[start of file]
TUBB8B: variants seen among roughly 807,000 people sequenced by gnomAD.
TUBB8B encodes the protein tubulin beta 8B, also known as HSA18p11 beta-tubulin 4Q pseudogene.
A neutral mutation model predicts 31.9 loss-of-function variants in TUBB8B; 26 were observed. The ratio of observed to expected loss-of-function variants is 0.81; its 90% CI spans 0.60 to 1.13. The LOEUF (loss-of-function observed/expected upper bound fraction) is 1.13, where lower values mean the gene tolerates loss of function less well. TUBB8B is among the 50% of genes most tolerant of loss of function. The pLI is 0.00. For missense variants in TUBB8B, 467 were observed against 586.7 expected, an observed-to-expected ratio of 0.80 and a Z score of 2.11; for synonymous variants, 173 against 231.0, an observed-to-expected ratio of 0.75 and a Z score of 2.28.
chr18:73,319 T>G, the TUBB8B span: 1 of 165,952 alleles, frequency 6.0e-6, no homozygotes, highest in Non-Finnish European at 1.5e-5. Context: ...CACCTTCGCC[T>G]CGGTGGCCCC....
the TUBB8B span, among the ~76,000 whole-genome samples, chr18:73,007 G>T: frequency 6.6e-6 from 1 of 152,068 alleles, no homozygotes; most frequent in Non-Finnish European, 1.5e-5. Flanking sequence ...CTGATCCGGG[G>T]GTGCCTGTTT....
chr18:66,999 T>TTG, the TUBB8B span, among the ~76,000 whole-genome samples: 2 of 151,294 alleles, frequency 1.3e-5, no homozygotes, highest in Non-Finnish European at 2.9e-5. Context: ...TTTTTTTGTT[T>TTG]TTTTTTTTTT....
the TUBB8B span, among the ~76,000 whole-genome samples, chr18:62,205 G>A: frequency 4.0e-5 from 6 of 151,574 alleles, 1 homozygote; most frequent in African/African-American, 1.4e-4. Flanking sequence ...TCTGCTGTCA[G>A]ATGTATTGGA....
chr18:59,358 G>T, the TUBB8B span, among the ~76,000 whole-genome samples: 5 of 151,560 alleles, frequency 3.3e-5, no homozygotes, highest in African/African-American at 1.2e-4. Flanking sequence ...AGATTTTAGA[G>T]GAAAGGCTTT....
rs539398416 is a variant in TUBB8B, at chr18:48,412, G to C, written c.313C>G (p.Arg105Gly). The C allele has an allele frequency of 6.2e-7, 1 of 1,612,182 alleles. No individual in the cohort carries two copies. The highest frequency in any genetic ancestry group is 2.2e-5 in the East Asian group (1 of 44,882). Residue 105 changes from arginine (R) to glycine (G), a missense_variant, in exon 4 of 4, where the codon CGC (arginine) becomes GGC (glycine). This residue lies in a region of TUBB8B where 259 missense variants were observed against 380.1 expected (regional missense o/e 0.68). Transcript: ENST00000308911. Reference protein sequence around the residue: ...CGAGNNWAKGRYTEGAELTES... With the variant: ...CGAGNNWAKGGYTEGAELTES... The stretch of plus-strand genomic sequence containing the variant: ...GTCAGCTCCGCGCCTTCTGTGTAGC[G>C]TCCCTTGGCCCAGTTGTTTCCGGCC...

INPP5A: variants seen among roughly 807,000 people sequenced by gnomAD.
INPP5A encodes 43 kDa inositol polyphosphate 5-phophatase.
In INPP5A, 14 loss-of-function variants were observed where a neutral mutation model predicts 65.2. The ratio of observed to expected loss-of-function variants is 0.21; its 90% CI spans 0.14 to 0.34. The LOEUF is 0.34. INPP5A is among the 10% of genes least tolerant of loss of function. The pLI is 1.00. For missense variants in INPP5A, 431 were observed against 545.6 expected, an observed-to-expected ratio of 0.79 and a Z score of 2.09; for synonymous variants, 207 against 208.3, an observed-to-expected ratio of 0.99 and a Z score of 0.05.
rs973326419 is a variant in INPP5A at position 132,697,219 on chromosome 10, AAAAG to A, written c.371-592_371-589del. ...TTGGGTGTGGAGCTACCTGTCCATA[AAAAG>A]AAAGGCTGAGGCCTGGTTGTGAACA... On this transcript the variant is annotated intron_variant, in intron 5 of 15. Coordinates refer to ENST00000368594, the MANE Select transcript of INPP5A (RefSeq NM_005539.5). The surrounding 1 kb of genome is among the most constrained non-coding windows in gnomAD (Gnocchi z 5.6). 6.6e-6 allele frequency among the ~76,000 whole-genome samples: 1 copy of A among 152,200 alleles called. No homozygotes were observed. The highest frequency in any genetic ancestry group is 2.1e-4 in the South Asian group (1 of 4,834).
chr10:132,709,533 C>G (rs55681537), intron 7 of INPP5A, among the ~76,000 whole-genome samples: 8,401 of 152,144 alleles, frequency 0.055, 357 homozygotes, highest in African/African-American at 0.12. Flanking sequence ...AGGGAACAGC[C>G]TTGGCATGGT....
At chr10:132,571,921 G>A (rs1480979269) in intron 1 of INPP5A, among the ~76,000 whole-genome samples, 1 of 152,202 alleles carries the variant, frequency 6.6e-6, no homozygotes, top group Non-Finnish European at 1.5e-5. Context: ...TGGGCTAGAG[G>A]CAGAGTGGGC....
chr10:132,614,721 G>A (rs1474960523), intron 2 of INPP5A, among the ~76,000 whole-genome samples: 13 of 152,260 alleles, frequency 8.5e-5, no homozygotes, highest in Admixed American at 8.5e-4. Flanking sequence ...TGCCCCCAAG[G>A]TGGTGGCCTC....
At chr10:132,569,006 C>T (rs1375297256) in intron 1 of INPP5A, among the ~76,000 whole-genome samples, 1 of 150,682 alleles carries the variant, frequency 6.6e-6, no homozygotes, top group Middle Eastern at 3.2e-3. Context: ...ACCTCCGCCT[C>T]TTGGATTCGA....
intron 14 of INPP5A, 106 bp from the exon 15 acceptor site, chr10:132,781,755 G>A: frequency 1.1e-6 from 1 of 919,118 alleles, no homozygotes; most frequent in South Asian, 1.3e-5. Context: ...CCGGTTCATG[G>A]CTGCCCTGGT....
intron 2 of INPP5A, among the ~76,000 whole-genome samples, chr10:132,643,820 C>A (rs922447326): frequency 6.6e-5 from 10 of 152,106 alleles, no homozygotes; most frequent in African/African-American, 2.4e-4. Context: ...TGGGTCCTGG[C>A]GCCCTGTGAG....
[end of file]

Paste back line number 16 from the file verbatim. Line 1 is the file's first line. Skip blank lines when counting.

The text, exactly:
chr10:132,614,721 G>A (rs1474960523), intron 2 of INPP5A, among the ~76,000 whole-genome samples: 13 of 152,260 alleles, frequency 8.5e-5, no homozygotes, highest in Admixed American at 8.5e-4. Flanking sequence ...TGCCCCCAAG[G>A]TGGTGGCCTC....